Baseball "rooters" are beside themselves with delight to-night because of Boston's double victory over New York, which may mean retention of the American League pennant another year. Nearly 30,000 people tried to get into the ball grounds, and 10,000 more gathered about the newspaper bulletins down town, watching for the returns. Every reserved seat was sold a week ago, and the bleachers were filled an hour and a half before play began. Temporary seats had been placed in front of the grand stand, accommodating several hundred. The outfield was black with crowded humanity. Every inch of standing room was taken, hundreds lining the fences. So dense was the crowd on the field that it was agreed before the game that a hit into the spectators should be counted a two-baser.

Boston victories of 13-2 and 1-0, and now, with two games left, the New Yorks needed to sweep a doubleheader back in Manhattan on Monday to take the pennant. One Boston win, and the champs would successfully defend their title.

The Times, October 11th, 1904:

Probably no such interest ever was taken in a baseball event in this city as was manifested in the double-header of yesterday. Some 200 Boston "rooters," accompanied by Dockstader's Band of this city, had the extreme left end of the grand stand to themselves, and with the aid of the band, megaphones, and tin horns kept a constant din throughout the nine innings.

The Boston fans were outnumbered, considering 28,000 people were there, but the rooting must have worked. After New York had scored two in the fifth, Boston tied it at two in seventh when New York second baseman Jimmy Williams, after missing a grounder earlier in the inning, threw wildly to home allowing two runs to score.

Boston had the go-ahead run thrown out at the plate in the eighth, and the two teams, with the pennant on the line, went to the ninth, tied 2-2.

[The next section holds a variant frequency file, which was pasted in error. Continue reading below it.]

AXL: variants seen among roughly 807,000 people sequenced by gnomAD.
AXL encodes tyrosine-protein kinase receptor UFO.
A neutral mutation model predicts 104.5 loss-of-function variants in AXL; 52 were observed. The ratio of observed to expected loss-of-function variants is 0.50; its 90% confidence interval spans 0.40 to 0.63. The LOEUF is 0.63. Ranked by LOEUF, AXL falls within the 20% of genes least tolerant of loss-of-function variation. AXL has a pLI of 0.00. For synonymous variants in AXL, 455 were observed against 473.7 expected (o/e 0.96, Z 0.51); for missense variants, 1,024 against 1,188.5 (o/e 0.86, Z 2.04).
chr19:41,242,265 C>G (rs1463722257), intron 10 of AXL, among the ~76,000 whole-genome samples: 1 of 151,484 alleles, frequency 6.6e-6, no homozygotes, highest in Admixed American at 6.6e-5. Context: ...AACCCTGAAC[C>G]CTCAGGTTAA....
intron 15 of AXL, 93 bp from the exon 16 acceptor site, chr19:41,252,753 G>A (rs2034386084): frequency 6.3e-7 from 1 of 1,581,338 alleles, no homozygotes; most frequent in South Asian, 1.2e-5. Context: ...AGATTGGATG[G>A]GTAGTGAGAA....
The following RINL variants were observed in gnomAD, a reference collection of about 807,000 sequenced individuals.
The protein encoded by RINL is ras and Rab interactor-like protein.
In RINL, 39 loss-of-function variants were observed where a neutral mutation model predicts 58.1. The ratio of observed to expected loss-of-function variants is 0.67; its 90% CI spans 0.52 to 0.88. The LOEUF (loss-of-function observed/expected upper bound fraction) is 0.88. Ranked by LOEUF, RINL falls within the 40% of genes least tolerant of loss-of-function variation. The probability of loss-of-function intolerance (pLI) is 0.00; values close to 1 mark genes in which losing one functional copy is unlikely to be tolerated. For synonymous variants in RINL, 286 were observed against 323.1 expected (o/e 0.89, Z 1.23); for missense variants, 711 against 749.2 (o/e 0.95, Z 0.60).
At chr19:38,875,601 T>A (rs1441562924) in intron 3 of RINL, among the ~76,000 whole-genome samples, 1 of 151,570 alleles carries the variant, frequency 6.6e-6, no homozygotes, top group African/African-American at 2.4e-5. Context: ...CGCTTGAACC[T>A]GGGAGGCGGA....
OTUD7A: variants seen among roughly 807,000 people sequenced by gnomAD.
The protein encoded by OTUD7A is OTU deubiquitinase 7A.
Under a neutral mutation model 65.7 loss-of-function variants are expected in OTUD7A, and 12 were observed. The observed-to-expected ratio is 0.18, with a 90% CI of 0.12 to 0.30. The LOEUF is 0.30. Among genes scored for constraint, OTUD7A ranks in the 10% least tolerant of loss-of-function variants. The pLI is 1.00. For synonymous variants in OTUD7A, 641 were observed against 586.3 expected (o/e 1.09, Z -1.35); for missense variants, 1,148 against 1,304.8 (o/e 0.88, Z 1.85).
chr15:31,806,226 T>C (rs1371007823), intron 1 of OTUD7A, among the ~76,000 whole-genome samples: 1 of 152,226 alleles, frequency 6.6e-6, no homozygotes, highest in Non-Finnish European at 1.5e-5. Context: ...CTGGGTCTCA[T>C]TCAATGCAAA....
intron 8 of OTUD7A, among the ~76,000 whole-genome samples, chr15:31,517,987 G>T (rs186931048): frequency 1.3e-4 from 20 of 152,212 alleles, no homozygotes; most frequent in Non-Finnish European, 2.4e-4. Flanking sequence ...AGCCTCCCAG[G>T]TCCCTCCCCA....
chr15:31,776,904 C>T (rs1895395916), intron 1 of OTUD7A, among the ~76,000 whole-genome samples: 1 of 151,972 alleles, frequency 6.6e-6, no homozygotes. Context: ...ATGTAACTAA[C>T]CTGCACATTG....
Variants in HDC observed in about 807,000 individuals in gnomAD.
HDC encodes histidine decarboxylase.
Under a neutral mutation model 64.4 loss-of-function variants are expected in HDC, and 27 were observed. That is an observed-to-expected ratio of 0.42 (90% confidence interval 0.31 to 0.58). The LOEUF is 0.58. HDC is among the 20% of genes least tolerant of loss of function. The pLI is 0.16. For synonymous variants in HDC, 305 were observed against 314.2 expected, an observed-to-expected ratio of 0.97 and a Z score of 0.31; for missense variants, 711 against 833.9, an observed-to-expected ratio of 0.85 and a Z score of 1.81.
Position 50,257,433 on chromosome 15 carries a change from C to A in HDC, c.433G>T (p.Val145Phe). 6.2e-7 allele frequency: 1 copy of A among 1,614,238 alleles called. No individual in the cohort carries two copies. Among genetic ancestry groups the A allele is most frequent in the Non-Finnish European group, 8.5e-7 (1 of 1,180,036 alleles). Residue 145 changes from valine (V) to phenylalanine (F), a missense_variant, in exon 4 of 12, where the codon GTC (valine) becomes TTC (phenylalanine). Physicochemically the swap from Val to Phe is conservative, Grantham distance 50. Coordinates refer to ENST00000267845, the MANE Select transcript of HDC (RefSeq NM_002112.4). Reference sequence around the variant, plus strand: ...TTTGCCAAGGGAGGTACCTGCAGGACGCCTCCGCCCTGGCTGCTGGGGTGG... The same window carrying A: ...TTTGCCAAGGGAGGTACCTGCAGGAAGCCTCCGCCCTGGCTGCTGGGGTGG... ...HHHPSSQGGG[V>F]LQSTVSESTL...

Lou Criger started the ninth for Boston with a base hit. Pitcher Bill Dinneen (who completed all 37 games he pitched in 1904) bunted Criger to second. Kip Selbach moved him to third with the second out. Jack Chesbro (he started 51 games that year, completing 48) then threw a wild pitch, scoring Criger. 3-2 Boston going to the bottom of the ninth.

New York got two walks in the ninth, but stranded the pennant-tying and -winning runs when Dinneen struck out Patsy Dougherty. The Bostons were champs again. (The Yanks won the second game of the doubleheader in 10 innings to officially end the season 1.5 games back.)

That sounded like a great pennant race. Too bad it's rarely ever mentioned. And look at the interest in these teams--the Red Sox were only in their fourth year in existence. So were the Yanks, and they were only in their second year in New York. But people were nuts about their teams. Kind of like now. I wish they'd let us carry players off the field, though.

And, of course, the writing in those articles is so amazing. I recommend going to the NYT site and just searching through that stuff. The really old ones are free. Check out the April 15th, 1906 article--another Cy Young/Jack Chesbro battle. It's like reading Greek mythology. You'll also notice the Yankees are called the Yankees in that article. That's 1906. In the next few years, the Times was regularly calling them that, but the "official" records say 1913 was when they went from Highlanders to Yankees.

I also found a great obit for Bill Dinneen in the 1/26/55 issue of The Sporting News, which can be found at Paper of Record.

Clark Griffith would go on to own the Washington Senators I. Cal, his son would own the Senators I and move the team to Bloomington, MN, now owned by Carl Pohlad. The Twins will soon be in a New Park and forced into the REALITIES of Outdoor Baseball.

Post a Comment

If you're "anonymous," please leave a name, even if it's a fake one, for differentiation purposes.

If you're having trouble commenting, try signing in to whatever account you're using first, then come back here once you're signed in.

<< Home

This page is powered by Blogger. Isn't yours?

My Photo
Location: Rhode Island, United States